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Killing Myself In His Kitchen

Question:

my boyfriend of 15 months thinks I’m a compulsive liar. i lied to him at the beginning of our relationship about things i had done with previous partners therefore he doesn’t trust me. i exaggerated things because i was sexually abused as a child for a long time and have absolute zero self esteem so i felt like i had to lie to get anyone to like me, i came clean about 3 months into the relationship but now its stretched to him not thinking he’s big enough. i reassure him but he wont let me near him. its really screwing us up and i really don’t know what to do anymore, he’s the love of my life and i can feel him slipping away. he gets abusive when he brings it up, shouts screams and swears at me. he’s made me feel so bad before about it that I’ve tried to kill myself in his kitchen. i know its my fault but i really cant see any way we, or i can get through this. please help me

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Answer:

You seem to think that the problem with this relationship is that you’ve lied to your boyfriend and that action has devastated him, causing him to become abusive. I see it differently. I see an abusive boyfriend, and an insecure girlfriend who is trying to come to grips with her difficult past. You lying to him wasn’t the right thing to do, but it was maybe in the realm of honest mistakes. When you’re insecure, it seems like you have to pump yourself up to make yourself acceptable. Most people have felt that motivation at one point or another in their lives and will be able to empathize. That you came clean is to your credit. What should have happened is that he got upset, and then came around again and you two became closer. You confided the truth to him after a period of getting to know him – at some level this is normal. Some people don’t lie at first, but most everyone holds back truths for a while when entering into a new relationship until they feel trusting in their new partner. What has happened instead is that instead of being able to empathize with your difficulty, and maybe having a trust setback with you (which would be normal) he is having a trust crisis with you, and he is being abusive with you. None of this speaks very well for his own mental health. I suspect you are not the only ‘abuse’ survivor here.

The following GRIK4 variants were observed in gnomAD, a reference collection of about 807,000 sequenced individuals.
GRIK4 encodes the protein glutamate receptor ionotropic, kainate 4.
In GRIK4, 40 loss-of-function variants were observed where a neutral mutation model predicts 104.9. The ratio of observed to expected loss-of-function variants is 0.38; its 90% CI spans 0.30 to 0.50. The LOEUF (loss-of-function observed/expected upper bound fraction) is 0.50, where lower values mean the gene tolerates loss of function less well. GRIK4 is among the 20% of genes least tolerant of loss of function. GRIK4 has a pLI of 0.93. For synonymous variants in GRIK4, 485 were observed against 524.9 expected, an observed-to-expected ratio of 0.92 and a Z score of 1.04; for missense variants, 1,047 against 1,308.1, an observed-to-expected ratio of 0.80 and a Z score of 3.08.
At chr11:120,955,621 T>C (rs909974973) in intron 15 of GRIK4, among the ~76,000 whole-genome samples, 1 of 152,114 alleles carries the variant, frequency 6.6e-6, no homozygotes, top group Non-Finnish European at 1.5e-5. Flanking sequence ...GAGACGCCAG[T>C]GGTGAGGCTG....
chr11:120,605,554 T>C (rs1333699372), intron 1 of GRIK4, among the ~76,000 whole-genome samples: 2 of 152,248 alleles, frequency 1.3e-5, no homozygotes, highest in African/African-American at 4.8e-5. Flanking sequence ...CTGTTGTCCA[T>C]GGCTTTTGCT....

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p> The pressing question to ask yourself is why are you hanging around with someone who is being abusive to you? I know you love him and all but really – love is not enough. You maybe cannot control how you feel, but you shouldn’t let that control your behavior. It is not good for your health or safety or mental state to be in a relationship with someone who is so angry with you that you are decompensating and becoming suicidal in the face of it. You need to set limits as to what you can put up with. You have worth even if you don’t believe it! You do not deserve to be treated in this way! The thing is – only you can set protective limits and only you can enforce them.

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p> Here is a limit to set. If and when your boyfriend becomes abusive again, you need to tell him something like, “I want to talk about it if it will help talking about it, but I don’t want to be abused – I don’t deserve to be abused”. If he persists you need to leave, at least temporarily. If he continues to persist in being abusive, you need to leave him permanently. It is self-destructive to allow yourself to be in helpless love with an abusive man. Don’t be self-destructive.

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Comments
  • Anonymous-1

    I think the author's declaration of an attempted suicide should have been addressed more thoroughly in the response. The title of the post speaks for itself. I also don't think it's wise to advise she should leave her abusive boyfriend if he persists "at least temporarily. If he continues to persist in being abusive, you need to leave him permanently." He has already shown enough serious signs of abuse to merit her leaving him permanently NOW and the victim does not need to wait to see if he persists to validate leaving him.

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